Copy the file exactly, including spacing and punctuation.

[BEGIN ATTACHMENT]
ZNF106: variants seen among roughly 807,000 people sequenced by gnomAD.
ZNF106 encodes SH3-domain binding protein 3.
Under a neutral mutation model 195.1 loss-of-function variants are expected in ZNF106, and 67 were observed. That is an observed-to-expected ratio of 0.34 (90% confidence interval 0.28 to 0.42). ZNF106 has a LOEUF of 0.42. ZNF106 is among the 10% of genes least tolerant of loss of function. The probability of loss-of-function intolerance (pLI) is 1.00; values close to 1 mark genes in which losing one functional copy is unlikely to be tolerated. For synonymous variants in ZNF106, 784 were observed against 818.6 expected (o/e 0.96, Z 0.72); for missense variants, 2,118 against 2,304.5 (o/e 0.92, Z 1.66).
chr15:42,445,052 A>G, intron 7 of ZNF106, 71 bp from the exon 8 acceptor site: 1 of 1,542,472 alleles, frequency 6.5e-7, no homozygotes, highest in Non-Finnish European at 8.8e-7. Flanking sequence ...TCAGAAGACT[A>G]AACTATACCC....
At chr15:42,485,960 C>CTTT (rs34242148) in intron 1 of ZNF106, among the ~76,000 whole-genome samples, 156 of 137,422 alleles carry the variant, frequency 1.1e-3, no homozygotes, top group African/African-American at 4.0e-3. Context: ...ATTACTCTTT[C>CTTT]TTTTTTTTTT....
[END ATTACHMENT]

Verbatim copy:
ZNF106: variants seen among roughly 807,000 people sequenced by gnomAD.
ZNF106 encodes SH3-domain binding protein 3.
Under a neutral mutation model 195.1 loss-of-function variants are expected in ZNF106, and 67 were observed. That is an observed-to-expected ratio of 0.34 (90% confidence interval 0.28 to 0.42). ZNF106 has a LOEUF of 0.42. ZNF106 is among the 10% of genes least tolerant of loss of function. The probability of loss-of-function intolerance (pLI) is 1.00; values close to 1 mark genes in which losing one functional copy is unlikely to be tolerated. For synonymous variants in ZNF106, 784 were observed against 818.6 expected (o/e 0.96, Z 0.72); for missense variants, 2,118 against 2,304.5 (o/e 0.92, Z 1.66).
chr15:42,445,052 A>G, intron 7 of ZNF106, 71 bp from the exon 8 acceptor site: 1 of 1,542,472 alleles, frequency 6.5e-7, no homozygotes, highest in Non-Finnish European at 8.8e-7. Flanking sequence ...TCAGAAGACT[A>G]AACTATACCC....
At chr15:42,485,960 C>CTTT (rs34242148) in intron 1 of ZNF106, among the ~76,000 whole-genome samples, 156 of 137,422 alleles carry the variant, frequency 1.1e-3, no homozygotes, top group African/African-American at 4.0e-3. Context: ...ATTACTCTTT[C>CTTT]TTTTTTTTTT....